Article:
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Keeping it in the family

Are people who inherit family farms more likely to care for the land?

This is one of the questions that Dr Jane McCabe (Department of History and Art History) is seeking to answer in her “cross-cultural history of land and inheritance in Aotearoa”.

McCabe has been awarded a Marsden Fund Fast Start grant for the research project that focuses on two farming districts: Taieri in the south and Hokianga in the north.

McCabe, who grew up in Mosgiel on the Taieri Plain, says that she chose the two rural districts partly because they provide a diversity of cultural backgrounds: notably Scottish and Chinese on the Taieri; and Māori and Dalmatian in the Hokianga.

“I want to look at farming families in a wider sense: different kinds of land use and different cultural perspectives,” McCabe explains.

The lecturer plans to put on her gumboots and talk to family members about the practices and problems of transferring land to the next generation.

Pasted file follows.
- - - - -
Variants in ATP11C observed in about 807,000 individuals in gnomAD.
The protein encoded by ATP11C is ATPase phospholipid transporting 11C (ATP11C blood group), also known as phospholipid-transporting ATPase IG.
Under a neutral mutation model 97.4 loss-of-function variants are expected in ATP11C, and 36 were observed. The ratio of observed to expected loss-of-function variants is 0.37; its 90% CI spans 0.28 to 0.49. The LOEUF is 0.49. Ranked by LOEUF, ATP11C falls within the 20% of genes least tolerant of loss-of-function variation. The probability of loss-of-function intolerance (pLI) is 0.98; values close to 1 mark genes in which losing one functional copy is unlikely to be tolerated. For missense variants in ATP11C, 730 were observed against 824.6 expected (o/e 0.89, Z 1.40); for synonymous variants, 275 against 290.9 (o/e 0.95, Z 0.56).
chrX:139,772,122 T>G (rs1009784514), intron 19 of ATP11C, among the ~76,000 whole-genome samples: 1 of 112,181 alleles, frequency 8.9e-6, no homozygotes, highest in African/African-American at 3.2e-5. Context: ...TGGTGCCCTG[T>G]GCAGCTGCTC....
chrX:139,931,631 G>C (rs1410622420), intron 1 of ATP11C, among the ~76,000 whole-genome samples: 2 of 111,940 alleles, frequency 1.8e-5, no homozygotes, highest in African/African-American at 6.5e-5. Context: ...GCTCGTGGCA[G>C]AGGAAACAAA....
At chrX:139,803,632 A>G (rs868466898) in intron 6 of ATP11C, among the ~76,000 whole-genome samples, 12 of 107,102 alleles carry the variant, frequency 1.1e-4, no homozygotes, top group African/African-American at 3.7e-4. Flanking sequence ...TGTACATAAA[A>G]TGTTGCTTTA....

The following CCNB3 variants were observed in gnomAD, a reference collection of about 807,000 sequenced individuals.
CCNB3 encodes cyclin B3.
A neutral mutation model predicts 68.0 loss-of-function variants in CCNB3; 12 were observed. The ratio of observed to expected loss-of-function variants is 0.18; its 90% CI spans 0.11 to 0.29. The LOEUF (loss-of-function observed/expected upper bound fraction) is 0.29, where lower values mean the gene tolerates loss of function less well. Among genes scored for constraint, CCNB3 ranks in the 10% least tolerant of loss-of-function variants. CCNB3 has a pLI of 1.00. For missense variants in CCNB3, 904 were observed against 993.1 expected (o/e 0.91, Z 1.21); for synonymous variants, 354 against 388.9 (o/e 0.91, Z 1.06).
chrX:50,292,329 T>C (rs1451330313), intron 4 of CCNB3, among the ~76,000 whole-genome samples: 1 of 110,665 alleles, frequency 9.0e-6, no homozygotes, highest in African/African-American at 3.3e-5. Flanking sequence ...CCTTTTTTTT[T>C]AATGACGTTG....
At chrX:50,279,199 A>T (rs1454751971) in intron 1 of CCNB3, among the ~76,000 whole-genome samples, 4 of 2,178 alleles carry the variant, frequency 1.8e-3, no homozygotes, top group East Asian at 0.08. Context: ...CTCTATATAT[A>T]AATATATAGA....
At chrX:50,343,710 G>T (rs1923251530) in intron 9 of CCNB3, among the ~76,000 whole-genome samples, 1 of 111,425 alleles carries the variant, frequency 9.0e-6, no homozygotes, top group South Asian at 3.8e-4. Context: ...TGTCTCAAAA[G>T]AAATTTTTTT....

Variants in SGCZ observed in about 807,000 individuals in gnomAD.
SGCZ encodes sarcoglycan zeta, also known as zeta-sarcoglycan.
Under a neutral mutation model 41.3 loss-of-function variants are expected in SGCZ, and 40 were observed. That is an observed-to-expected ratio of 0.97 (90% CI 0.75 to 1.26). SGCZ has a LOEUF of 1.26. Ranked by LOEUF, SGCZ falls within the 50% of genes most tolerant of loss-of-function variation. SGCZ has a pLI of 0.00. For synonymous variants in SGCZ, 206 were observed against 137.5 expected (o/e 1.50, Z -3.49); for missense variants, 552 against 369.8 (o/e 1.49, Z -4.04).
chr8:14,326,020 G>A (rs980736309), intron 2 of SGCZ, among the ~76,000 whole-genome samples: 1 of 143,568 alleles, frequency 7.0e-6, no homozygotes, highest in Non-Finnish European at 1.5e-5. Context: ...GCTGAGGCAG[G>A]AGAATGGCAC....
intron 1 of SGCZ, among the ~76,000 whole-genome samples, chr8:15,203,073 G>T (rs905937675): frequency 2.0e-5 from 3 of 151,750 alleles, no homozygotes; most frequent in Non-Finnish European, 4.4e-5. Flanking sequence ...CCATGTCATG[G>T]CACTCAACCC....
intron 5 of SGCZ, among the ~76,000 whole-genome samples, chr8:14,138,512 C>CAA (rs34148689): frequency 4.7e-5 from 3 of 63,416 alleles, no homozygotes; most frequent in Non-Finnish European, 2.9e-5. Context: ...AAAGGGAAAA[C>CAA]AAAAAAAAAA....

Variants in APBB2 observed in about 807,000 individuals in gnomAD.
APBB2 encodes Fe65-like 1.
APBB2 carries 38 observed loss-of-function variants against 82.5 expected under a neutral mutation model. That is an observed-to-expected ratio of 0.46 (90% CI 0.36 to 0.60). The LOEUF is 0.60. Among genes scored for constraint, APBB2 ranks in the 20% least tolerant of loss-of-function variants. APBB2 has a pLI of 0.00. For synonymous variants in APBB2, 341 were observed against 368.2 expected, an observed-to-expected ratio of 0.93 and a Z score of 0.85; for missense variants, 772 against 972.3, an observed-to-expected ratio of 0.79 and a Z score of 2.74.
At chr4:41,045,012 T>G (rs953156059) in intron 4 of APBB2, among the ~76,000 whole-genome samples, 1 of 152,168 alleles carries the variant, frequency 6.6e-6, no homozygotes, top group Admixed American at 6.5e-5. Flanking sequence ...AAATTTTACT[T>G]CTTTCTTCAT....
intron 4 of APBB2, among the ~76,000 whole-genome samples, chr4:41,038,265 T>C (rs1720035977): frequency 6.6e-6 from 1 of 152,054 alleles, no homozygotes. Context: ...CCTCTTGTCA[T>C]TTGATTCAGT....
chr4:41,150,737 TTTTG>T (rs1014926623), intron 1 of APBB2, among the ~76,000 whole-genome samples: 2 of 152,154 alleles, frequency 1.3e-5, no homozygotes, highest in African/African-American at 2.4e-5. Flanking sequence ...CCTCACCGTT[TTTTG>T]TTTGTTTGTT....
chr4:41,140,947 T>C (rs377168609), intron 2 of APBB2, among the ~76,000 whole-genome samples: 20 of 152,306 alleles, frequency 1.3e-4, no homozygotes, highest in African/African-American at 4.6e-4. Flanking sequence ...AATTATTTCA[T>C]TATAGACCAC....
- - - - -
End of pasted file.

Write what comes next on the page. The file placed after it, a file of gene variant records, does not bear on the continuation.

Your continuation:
“My overarching concern is the connection between people and land. Inheritance practice is a meaningful way of exploring how people attach to the land and of assessing the pros and cons of familial land transfer as we move increasingly towards corporate ownership models.”

McCabe says that she intends to write a book and academic articles based on her research, host a workshop at Otago involving international and New Zealand scholars who are working on rural history, and disseminate her findings in public and community forums.

Photo: Graham Warman
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